With all of the digital tools at our fingertips, the field of Customer Relationship Management is exploding. Whether you’re talking about email marketing, social media, or cloud-based database systems, the value of relationships is sure to be at the forefront of the conversation.
I had two encounters recently, that clearly illustrate an interesting concept in relationship management. Both situations involved businesses that were very non-technical by nature; medical, in one instance, and brick-and-mortar retail in the other.
Last year, I visited a local dental surgeon for an assessment about a fairly major (but optional) procedure. I was impressed with the home-like atmosphere of the clinic, the friendly faces, the smiles and comforting assurance.
After two visits, I was left with an armful of pamphlets, a medical insurance quote, and a major decision to make. I decided that, although the procedure was something I wanted to pursue someday, the timing wasn’t quite right.
During the last 12 months, the thought bubbled up from time to time. I read online forums, I spoke to others who have been in my spot. I’ve even mentioned it during several speaking engagements. For a big ticket purchase, I was exhibiting behaviour that I would imagine is typical for the buying cycle: I was taking my time.
Last week, I decided it was time to move ahead. This morning, I dialed the phone, feeling a mixture of nerves and excitement.
The receptionist took my name and paused. She broke a long silence with an unexpected response. We’ve marked your status as inactive – I’ll have to have someone dig up your record and get back to you later this week.
I visited a local retail store five months ago, looking to make a fairly substantial purchase – not nearly on the scale of dental surgery in terms of cost or consequence; but still fairly expensive. The owner struck up a conversation, explaining the story of their family business. He gave me a card, took my name, and shook my hand. There were no comfy couches or crackling fireplaces, but the authenticity of the conversation achieved the same sense of comfort and familiarity I had felt in the aforementioned clinic.
I’m sure my name was never entered into a database.
I didn’t make a purchase that day, either. I chose something else, somewhere else and he never heard from me again.
Recently, I wandered back into the store. The conversation picked up where we had left off, many months ago. He knew my name, and he recognized that I had chosen to shop elsewhere after our first interaction. No problem – I’m so glad that gift worked out. I have a few things that I think you’ll love… let me show you.
Your customer owns the relationship
No matter how shiny or fancy your database might be, you never actually own any relationship. Any status you apply to a customer is ultimately just your best guess of their future actions; not a reflection of their true state.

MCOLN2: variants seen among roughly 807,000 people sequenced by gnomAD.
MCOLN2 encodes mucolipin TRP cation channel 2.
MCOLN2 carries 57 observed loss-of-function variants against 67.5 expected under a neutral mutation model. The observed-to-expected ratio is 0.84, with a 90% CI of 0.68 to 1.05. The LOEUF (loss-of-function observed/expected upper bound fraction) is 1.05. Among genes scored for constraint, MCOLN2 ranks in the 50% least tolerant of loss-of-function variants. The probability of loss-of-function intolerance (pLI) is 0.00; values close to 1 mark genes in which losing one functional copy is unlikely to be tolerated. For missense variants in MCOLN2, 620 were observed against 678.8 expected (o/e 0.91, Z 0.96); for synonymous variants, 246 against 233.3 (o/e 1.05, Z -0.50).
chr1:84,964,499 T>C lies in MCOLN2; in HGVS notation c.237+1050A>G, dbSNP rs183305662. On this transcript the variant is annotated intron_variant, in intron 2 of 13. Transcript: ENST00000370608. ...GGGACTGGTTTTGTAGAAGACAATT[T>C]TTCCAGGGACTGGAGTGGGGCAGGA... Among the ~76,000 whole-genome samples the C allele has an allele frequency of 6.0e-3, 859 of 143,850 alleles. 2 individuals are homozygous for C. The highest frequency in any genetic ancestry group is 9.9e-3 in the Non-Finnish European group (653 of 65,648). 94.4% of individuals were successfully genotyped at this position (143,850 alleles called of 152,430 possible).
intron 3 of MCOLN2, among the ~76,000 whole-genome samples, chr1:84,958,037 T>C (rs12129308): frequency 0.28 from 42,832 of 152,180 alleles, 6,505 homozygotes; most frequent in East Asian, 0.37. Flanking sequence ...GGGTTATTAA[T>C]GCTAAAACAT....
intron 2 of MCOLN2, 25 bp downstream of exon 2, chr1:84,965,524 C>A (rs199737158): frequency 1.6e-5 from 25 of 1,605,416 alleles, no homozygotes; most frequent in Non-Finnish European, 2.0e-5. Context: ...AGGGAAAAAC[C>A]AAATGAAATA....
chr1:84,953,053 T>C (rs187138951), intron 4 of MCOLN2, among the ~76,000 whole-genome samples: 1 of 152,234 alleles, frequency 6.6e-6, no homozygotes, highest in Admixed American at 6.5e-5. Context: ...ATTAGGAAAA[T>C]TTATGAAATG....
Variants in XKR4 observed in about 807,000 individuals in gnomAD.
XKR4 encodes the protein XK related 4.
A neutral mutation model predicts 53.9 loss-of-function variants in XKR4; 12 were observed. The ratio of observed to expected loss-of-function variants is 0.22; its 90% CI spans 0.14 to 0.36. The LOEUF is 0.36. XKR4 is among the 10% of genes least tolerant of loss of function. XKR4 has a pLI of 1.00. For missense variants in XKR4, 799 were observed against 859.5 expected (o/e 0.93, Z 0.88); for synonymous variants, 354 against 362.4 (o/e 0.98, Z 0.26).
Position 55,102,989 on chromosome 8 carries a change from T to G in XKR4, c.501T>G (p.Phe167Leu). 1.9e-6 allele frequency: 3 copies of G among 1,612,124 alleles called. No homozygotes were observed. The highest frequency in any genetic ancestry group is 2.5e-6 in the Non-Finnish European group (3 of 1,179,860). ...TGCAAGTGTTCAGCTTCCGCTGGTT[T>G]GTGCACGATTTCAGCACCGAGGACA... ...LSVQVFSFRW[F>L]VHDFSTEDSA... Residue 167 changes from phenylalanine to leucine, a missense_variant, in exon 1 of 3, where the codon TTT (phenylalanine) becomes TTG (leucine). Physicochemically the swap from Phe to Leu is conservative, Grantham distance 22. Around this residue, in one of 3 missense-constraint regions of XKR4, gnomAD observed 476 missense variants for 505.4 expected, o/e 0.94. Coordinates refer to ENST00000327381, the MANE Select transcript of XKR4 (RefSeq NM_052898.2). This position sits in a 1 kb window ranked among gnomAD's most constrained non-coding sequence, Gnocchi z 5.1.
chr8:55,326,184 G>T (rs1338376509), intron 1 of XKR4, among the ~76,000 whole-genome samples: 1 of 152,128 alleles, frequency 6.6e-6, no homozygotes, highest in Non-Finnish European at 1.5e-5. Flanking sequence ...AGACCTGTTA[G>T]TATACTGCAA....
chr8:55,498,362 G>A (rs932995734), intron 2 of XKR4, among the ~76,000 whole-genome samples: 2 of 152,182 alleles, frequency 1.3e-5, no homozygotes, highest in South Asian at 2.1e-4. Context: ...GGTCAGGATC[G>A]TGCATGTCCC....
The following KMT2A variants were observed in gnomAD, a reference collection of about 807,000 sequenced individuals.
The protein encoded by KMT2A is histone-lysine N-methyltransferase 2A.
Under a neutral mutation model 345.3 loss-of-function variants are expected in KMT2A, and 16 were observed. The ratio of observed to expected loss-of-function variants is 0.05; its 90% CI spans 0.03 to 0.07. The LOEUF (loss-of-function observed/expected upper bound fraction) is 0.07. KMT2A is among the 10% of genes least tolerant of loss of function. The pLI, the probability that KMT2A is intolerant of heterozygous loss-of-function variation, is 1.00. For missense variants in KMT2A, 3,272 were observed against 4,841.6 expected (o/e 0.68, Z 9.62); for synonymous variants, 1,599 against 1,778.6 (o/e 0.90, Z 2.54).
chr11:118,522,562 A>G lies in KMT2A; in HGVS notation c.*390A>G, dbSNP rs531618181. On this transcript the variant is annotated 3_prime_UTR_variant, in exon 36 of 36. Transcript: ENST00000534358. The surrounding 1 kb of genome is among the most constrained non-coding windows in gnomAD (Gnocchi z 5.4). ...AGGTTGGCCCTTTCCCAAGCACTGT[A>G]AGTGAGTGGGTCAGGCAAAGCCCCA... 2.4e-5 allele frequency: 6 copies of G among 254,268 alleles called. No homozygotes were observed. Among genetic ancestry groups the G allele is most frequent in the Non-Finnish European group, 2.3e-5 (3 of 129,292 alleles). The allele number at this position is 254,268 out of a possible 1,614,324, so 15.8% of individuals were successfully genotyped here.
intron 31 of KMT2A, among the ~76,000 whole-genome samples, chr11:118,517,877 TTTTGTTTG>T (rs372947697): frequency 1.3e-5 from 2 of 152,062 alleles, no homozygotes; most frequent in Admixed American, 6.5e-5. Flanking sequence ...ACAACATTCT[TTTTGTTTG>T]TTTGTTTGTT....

It’s an odd juxtaposition: As technology has advanced for businesses to manage relationships, that same technology has put more power in the hands of the consumer; weakening any “ownership” that the business may have once had.
Your old signals might be broken
Once upon a time, a customer had to rely on the business for all information and consultation prior to taking the next step. Status was quite simple – the business owned the funnel, and could count the customers they had traipsing along the pipeline.
The game is different now, and the pipeline is full of holes. Your customer can look up any technical specs, access reviews, and comparison shop from the palm of their hand – on their own terms. Traditional signals of “inactivity” (aka: we haven’t heard from them in awhile) might not apply anymore.
Look for new signals
This is where our shiny new tools can come in handy. What’s the ROI of Facebook “Like”, Twitter Follow or Email subscriber? So often, people stumble here, debating dollar values. These asymmetrical, loose-tie relationships represent a juicy middle ground between the on-or-off customer status that businesses might have applied in the past. They symbolize I’m still here, just not quite ready. They allow you continue to educate. They also allow you to note new changes in a potential customer’s life; data that could very easily be factored back into a database system client status.
How are you equipping your potential customers to keep you on their radar? Do you have a communication plan for loose-tie connections, beyond “add them to email blasts?”. Be honest.
Open your arms for inactives
No one likes to walk into a room where no one knows their name. We like to fit in.
Perhaps, a less comfortable sensation is the thought that the room of people who once knew you might have forgotten you exist. We like to be memorable.
While Pareto might espouse the value of focusing on your top 20% of customers, you also need to pay close attention to those who might seem to be “inactive”. These represent relationships that are hanging on by a thread.
How do you welcome them back?
How do you ensure that they don’t feel like outsiders?
How do you make the next conversation feel like home?
Photo credit: alborzshawn